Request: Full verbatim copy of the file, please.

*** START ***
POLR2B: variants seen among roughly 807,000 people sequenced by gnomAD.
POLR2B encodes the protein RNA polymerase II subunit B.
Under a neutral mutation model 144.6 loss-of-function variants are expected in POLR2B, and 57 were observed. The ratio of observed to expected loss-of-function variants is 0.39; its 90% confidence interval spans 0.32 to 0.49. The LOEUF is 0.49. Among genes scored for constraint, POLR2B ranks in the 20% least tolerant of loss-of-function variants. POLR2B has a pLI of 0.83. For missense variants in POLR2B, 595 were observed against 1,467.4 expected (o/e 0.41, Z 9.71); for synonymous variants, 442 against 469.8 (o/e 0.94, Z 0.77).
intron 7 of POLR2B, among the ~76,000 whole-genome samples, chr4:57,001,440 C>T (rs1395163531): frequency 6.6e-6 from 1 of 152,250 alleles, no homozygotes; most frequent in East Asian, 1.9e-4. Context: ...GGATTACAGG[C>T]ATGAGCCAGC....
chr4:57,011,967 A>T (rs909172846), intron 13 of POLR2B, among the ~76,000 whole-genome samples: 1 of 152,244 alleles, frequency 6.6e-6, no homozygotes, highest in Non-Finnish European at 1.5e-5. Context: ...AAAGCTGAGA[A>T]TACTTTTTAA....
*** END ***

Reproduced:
POLR2B: variants seen among roughly 807,000 people sequenced by gnomAD.
POLR2B encodes the protein RNA polymerase II subunit B.
Under a neutral mutation model 144.6 loss-of-function variants are expected in POLR2B, and 57 were observed. The ratio of observed to expected loss-of-function variants is 0.39; its 90% confidence interval spans 0.32 to 0.49. The LOEUF is 0.49. Among genes scored for constraint, POLR2B ranks in the 20% least tolerant of loss-of-function variants. POLR2B has a pLI of 0.83. For missense variants in POLR2B, 595 were observed against 1,467.4 expected (o/e 0.41, Z 9.71); for synonymous variants, 442 against 469.8 (o/e 0.94, Z 0.77).
intron 7 of POLR2B, among the ~76,000 whole-genome samples, chr4:57,001,440 C>T (rs1395163531): frequency 6.6e-6 from 1 of 152,250 alleles, no homozygotes; most frequent in East Asian, 1.9e-4. Context: ...GGATTACAGG[C>T]ATGAGCCAGC....
chr4:57,011,967 A>T (rs909172846), intron 13 of POLR2B, among the ~76,000 whole-genome samples: 1 of 152,244 alleles, frequency 6.6e-6, no homozygotes, highest in Non-Finnish European at 1.5e-5. Context: ...AAAGCTGAGA[A>T]TACTTTTTAA....